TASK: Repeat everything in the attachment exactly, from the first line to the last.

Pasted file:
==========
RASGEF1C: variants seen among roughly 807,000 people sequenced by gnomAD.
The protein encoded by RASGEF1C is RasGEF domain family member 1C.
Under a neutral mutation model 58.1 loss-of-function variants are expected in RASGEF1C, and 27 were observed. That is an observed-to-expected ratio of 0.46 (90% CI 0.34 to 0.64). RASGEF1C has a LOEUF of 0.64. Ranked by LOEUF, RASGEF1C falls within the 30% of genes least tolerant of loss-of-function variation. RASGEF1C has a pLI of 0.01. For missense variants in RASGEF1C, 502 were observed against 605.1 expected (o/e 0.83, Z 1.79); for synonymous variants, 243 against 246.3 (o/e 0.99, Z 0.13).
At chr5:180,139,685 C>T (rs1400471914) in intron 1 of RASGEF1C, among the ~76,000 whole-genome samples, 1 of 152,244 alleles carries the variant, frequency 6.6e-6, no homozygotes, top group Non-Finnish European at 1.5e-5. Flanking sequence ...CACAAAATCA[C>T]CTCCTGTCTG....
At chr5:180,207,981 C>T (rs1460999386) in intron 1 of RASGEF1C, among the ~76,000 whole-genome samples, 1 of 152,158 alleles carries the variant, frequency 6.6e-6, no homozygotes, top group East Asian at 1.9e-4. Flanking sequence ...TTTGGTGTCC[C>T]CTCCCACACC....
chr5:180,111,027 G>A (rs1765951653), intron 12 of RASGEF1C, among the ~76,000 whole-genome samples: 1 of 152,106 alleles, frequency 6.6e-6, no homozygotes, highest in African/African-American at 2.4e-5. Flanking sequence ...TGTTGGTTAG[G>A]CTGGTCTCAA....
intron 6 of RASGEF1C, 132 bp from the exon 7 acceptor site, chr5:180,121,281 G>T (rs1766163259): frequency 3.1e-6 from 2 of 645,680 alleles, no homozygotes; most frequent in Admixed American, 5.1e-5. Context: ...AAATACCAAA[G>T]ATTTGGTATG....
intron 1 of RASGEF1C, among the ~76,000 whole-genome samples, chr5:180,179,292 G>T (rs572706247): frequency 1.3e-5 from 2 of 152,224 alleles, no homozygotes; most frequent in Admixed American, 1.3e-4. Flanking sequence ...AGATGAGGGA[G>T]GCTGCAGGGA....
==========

RASGEF1C: variants seen among roughly 807,000 people sequenced by gnomAD.
The protein encoded by RASGEF1C is RasGEF domain family member 1C.
Under a neutral mutation model 58.1 loss-of-function variants are expected in RASGEF1C, and 27 were observed. That is an observed-to-expected ratio of 0.46 (90% CI 0.34 to 0.64). RASGEF1C has a LOEUF of 0.64. Ranked by LOEUF, RASGEF1C falls within the 30% of genes least tolerant of loss-of-function variation. RASGEF1C has a pLI of 0.01. For missense variants in RASGEF1C, 502 were observed against 605.1 expected (o/e 0.83, Z 1.79); for synonymous variants, 243 against 246.3 (o/e 0.99, Z 0.13).
At chr5:180,139,685 C>T (rs1400471914) in intron 1 of RASGEF1C, among the ~76,000 whole-genome samples, 1 of 152,244 alleles carries the variant, frequency 6.6e-6, no homozygotes, top group Non-Finnish European at 1.5e-5. Flanking sequence ...CACAAAATCA[C>T]CTCCTGTCTG....
At chr5:180,207,981 C>T (rs1460999386) in intron 1 of RASGEF1C, among the ~76,000 whole-genome samples, 1 of 152,158 alleles carries the variant, frequency 6.6e-6, no homozygotes, top group East Asian at 1.9e-4. Flanking sequence ...TTTGGTGTCC[C>T]CTCCCACACC....
chr5:180,111,027 G>A (rs1765951653), intron 12 of RASGEF1C, among the ~76,000 whole-genome samples: 1 of 152,106 alleles, frequency 6.6e-6, no homozygotes, highest in African/African-American at 2.4e-5. Flanking sequence ...TGTTGGTTAG[G>A]CTGGTCTCAA....
intron 6 of RASGEF1C, 132 bp from the exon 7 acceptor site, chr5:180,121,281 G>T (rs1766163259): frequency 3.1e-6 from 2 of 645,680 alleles, no homozygotes; most frequent in Admixed American, 5.1e-5. Context: ...AAATACCAAA[G>T]ATTTGGTATG....
intron 1 of RASGEF1C, among the ~76,000 whole-genome samples, chr5:180,179,292 G>T (rs572706247): frequency 1.3e-5 from 2 of 152,224 alleles, no homozygotes; most frequent in Admixed American, 1.3e-4. Flanking sequence ...AGATGAGGGA[G>T]GCTGCAGGGA....